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Panic Disorder

Panic Disorder is a type of anxiety disorder characterized by recurrent and unexpected panic attacks.

What is Panic Disorder?

Panic Disorder is a type of anxiety disorder characterized by recurrent and unexpected panic attacks. These attacks are sudden, intense periods of extreme fear or discomfort that reach their peak within minutes. Individuals with Panic Disorder often live with the constant worry about when the next panic attack will occur, leading to significant changes in behavior as they try to avoid situations or places that might trigger an episode.

A panic attack typically involves a combination of physical and psychological symptoms, such as a rapid heart rate, sweating, trembling, shortness of breath, chest pain, dizziness, and a feeling of impending doom. The fear during a panic attack can be so intense that individuals may believe they are having a heart attack or going crazy.

The exact cause of Panic Disorder is complex and likely involves a combination of genetic, biological, environmental, and psychological factors. Traumatic life events, chronic stress, or a family history of anxiety disorders can contribute to its development. Neurotransmitter imbalances in the brain, particularly involving serotonin and norepinephrine, are also believed to play a role.

Treatment for Panic Disorder

Cognitive Behavioral Therapy (CBT)

At Light On Anxiety, our specialized therapists are trained to provide compassionate and evidence-based CBT treatment  for individuals struggling with panic disorder.

CBT-based therapy for panic disorder entails:

  • Learning to identify and challenge negative thought patterns associated with panic.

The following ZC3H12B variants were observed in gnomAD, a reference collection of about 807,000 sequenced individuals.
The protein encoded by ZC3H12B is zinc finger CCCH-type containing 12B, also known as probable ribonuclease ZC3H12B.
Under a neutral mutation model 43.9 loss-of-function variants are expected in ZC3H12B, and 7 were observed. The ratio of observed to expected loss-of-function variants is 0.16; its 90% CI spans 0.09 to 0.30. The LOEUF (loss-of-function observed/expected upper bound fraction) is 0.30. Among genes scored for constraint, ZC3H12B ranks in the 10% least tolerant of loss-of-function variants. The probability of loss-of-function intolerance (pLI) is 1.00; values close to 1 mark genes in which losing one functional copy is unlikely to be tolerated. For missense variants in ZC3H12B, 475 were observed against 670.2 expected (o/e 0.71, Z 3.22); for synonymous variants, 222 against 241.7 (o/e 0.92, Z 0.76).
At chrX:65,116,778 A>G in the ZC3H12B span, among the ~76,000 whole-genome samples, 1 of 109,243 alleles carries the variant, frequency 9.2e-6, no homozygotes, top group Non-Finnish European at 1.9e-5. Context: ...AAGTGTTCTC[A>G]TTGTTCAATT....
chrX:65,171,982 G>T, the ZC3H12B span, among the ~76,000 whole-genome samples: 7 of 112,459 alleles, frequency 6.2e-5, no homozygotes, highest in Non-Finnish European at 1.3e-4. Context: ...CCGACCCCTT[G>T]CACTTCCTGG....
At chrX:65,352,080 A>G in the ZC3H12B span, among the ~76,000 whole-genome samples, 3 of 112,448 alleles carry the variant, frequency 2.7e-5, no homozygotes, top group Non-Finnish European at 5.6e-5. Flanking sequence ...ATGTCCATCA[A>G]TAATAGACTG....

• Developing coping strategies to manage anxiety and distress.
  • Engaging in exposures to feared bodily sensations or triggers through interoceptive exposure exercises.

Interoceptive exposure involves intentionally inducing physical sensations (such as increased heart rate, dizziness, or shortness of breath) that mimic those experienced during panic attacks in a safe and controlled environment. Through repeated exposure to these sensations without avoidance or escape behaviors, individuals learn to tolerate discomfort, reduce their fear response, and regain a sense of control over their anxiety.

With personalized treatment plans and supportive therapy sessions, we empower individuals to overcome panic disorder and lead more fulfilling lives.

Medication

Medication can be an important component of treatment for Panic Disorder, particularly for managing symptoms such as panic attacks, anticipatory anxiety, and avoidance behaviors. At Light On Anxiety, our team of psychiatric providers collaborates closely with clients to assess their unique needs and develop personalized medication regimens.

Selective serotonin reuptake inhibitors (SSRIs) and serotonin-norepinephrine reuptake inhibitors (SNRIs) are commonly prescribed to reduce the frequency and intensity of panic attacks and alleviate symptoms of anxiety and depression.

Our approach to medication management prioritizes safety, efficacy, and collaboration with clients to ensure they receive the most appropriate treatment for their symptoms while minimizing potential side effects.

Integrating CBT + Medication

A combined approach of therapy, including CBT and interoceptive exposure, and medication management may provide the most comprehensive treatment for Panic Disorder. At Light On Anxiety, we offer integrated treatment plans that address both the psychological and physiological aspects of panic disorder.